Associated Press Writer
Months before an Ohio police officer was accused of killing his girlfriend and her fetus, a California court suspended contact between him and his 9-year-old daughter based on child psychiatrist's report that alleged he was emotionally and physically abusive, court documents show.
Bobby Cutts Jr., 30, is accused of killing 26-year-old Jessie Davis and her unborn daughter at her northeast Ohio home on June 14. Davis was missing for about a week before her body was found in a Summit County park Saturday, still carrying the baby she was due to deliver July 3.
Cutts was arraigned on Monday in Canton Municipal Court on two murder charges and ordered held on $5 million bond.
Hours before Cutts' arraignment, Stark County Family Court Judge David Stucki dismissed an Ohio custody case between Cutts and his former girlfriend, Nikki Giavasis, over the 9-year-old girl. Stucki cited the charges against Cutts as one factor in his decision, said Jeffrey Jakmides, an Ohio lawyer representing Giavasis.
Another custody dispute is ongoing in a court in Los Angeles County, where Giavasis resides.
A Superior Court judge there on Jan. 17 granted a request by Giavasis to temporarily suspend visitation rights and telephone and e-mail contact between Cutts and the 9-year-old, citing ``evidence of physical and emotional abuse perpetrated on the child.''
The decision followed a report by Dr. J.H. Carter-Lourensz, which was filed in court on Jan. 11.
``The things she remembered, when put together, made a very credible story of concern,'' Carter-Lourensz told the Associated Press Tuesday. ``She had the demeanor of a child who was very frightened.''
The 9-year-old stayed with Cutts in his home outside North Canton in April 2006 and from June to December 2006, court records show. Giavasis sought the court order after the girl traveled to California to spend Christmas with her mother, Jakmides said.
Carter-Lourensz, a UCLA child psychiatry professor and independent child abuse evaluator, interviewed the girl after Giavasis requested a review. Carter-Lourensz wrote in a follow-up report that the 9-year-old felt ``sexually unsafe and threatened verbally, emotionally and physically by Mr. Cutts.''
Carter-Lourensz found in her interview with the 9-year-old that Cutts would often hit or threaten his daughter, but would always laugh afterward and say he was kidding, the report said. Cutts also predicted to his daughter that she would one day work as a Las Vegas stripper, Carter-Lourensz's report said.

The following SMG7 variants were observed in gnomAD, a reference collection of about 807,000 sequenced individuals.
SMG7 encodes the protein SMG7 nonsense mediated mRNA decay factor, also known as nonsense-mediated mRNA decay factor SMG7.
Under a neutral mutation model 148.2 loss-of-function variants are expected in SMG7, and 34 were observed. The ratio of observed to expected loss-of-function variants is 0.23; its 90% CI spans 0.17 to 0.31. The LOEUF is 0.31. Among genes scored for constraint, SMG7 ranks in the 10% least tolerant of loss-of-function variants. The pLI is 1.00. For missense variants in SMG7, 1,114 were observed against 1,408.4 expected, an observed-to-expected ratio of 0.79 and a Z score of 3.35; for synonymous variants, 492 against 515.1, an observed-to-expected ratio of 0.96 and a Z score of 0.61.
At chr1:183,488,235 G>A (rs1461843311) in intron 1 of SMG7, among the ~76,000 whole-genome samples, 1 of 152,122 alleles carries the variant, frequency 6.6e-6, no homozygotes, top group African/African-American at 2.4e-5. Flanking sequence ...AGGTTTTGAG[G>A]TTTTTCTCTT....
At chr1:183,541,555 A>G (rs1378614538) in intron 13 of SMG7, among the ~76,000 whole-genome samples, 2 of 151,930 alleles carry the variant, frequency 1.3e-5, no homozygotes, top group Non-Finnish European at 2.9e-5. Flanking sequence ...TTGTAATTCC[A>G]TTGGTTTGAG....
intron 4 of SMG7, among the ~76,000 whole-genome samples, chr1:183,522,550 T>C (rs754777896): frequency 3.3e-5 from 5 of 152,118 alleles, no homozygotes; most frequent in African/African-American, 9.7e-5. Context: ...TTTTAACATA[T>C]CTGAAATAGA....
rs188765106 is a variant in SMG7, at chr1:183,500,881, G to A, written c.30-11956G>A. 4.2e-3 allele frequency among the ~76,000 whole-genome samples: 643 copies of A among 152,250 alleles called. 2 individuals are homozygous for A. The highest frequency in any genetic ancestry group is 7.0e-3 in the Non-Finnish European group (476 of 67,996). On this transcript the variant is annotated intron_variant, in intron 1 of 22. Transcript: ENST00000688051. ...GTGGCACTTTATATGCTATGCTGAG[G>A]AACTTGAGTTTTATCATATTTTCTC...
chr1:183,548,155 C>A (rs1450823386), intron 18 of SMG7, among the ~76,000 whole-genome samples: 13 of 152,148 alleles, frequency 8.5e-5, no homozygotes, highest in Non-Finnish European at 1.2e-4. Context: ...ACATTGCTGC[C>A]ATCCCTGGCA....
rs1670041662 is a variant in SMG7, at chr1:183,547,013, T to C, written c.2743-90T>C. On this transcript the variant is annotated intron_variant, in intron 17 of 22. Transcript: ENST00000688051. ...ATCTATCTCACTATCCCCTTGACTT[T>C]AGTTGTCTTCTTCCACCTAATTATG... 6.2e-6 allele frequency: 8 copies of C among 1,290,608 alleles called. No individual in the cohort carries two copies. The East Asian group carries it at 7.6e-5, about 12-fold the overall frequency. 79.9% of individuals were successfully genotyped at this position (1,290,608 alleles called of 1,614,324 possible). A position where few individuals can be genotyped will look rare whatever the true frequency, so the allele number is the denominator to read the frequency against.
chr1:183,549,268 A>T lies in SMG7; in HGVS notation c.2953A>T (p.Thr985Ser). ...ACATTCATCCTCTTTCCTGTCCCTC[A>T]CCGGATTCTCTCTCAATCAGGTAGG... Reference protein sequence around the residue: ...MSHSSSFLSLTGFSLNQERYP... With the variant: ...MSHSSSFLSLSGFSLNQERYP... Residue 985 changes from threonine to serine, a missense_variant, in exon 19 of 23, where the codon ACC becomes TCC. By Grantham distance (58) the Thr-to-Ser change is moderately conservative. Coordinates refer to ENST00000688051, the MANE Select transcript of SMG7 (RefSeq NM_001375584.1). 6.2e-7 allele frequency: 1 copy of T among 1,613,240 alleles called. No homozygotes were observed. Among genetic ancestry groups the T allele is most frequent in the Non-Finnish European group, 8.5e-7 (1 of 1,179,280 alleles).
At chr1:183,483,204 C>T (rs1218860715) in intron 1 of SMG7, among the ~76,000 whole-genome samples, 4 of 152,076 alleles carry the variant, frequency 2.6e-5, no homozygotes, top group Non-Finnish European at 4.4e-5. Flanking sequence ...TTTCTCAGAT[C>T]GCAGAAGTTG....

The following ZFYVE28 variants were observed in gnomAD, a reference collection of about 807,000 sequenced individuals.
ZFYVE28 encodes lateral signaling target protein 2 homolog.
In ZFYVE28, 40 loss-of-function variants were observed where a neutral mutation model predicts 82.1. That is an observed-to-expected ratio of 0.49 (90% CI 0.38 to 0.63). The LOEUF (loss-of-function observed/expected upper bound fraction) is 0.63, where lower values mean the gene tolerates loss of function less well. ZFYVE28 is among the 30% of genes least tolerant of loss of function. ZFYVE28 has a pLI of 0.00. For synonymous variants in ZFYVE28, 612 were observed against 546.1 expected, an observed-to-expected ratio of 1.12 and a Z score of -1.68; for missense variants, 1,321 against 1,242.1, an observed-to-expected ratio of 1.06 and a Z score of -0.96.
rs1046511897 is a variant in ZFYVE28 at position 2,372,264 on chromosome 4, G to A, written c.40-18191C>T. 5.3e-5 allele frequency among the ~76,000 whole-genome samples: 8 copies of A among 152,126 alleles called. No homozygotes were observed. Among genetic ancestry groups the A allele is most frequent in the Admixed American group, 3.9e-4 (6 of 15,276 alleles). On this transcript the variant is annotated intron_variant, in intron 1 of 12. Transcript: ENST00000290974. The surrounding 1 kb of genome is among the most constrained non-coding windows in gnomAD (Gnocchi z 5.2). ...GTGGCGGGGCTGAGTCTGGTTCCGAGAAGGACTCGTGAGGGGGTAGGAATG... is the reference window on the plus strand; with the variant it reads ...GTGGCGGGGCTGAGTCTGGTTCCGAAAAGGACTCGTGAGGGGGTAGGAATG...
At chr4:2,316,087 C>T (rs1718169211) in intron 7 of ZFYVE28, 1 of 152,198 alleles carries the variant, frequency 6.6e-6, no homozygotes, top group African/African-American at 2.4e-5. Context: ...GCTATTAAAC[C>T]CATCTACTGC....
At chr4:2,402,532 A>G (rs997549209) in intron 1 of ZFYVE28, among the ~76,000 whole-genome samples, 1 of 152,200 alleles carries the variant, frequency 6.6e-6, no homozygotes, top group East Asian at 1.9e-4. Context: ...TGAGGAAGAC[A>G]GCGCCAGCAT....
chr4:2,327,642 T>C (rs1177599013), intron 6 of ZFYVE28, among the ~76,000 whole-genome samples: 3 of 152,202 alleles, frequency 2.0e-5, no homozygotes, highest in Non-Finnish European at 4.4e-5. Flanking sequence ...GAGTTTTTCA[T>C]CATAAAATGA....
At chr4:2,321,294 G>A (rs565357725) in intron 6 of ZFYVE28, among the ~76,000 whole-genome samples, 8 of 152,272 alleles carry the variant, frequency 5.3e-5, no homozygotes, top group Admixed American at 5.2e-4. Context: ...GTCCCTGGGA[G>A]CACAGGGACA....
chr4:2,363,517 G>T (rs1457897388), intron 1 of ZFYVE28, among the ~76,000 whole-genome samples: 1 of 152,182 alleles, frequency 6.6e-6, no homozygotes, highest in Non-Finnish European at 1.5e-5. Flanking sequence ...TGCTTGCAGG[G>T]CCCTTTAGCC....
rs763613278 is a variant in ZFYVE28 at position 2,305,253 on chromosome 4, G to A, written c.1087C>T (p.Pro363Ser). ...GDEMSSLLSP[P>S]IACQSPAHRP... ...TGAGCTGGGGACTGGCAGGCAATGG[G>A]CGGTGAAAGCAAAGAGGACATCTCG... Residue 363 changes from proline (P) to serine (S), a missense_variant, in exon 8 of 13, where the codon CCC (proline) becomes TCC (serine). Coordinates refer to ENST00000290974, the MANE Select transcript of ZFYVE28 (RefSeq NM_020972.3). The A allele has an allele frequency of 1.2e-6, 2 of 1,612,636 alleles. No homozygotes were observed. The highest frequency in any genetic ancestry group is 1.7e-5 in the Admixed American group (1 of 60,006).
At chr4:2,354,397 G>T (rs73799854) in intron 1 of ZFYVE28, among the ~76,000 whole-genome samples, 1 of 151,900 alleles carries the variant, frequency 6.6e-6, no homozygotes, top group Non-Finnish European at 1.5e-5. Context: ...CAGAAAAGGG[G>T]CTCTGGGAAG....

Carter-Lourensz also alleged abusive behavior by Cutts against the 9-year-old's half brother, who is Giavasis' son by another man and not related to Cutts. The boy, 5 at the time of the report, said he was ``physically abused, mistreated and verbally abused'' by Cutts when he visited his sister in Ohio, Carter-Lourensz said Tuesday.
Carter-Lourensz said the judge reviewed her report and determined it was enough to keep the 9-year-old in California.
When the judge entered the January order, a March hearing on the matter was scheduled, but documents received from the Los Angeles County court do not show whether it was held. Messages left with Cutts' attorneys were not returned.
Carter-Lourensz said Tuesday that Cutts did not travel to California to challenge the order.
Cutts met the girl's mother when both attended Walsh University in North Canton. The 9-year-old has lived with Giavasis for most of her life in California, but Cutts challenged the custody arrangement in 2005.
The 9-year-old is Cutts' first child. He has another daughter, Breonna, born in 2001 to a woman he married shortly thereafter.
Cutts and Davis together had a 2-year-old son, Blake, and Davis' family members said Cutts was the father of Davis' nearly full-term fetus.
``There's a lot of little children being absolutely devastated over this,'' Davis' mother, Patricia Porter, said Monday outside Canton Municipal Court. ``We can't forget them.''
Cutts' stepmother, Barbara Cutts, on Monday called her stepson a generous man good with kids who coached youth soccer, basketball and football.
``It's very hard to accept,'' said Barbara Cutts, 46, a nurse's aide. ``A lot of people are looking at him like a bad person, but he's not, he really isn't.''
While Giavasis has made the rounds on cable television news shows, she's tried to keep the 9-year-old away from news of the charges against her father, Jakmides said.
``The family has deliberately tried not to burden her with this,'' he said. ``They've tried as much as possible to keep her from the media storm.''
Associated Press Writer JoAnne Viviano contributed to this report.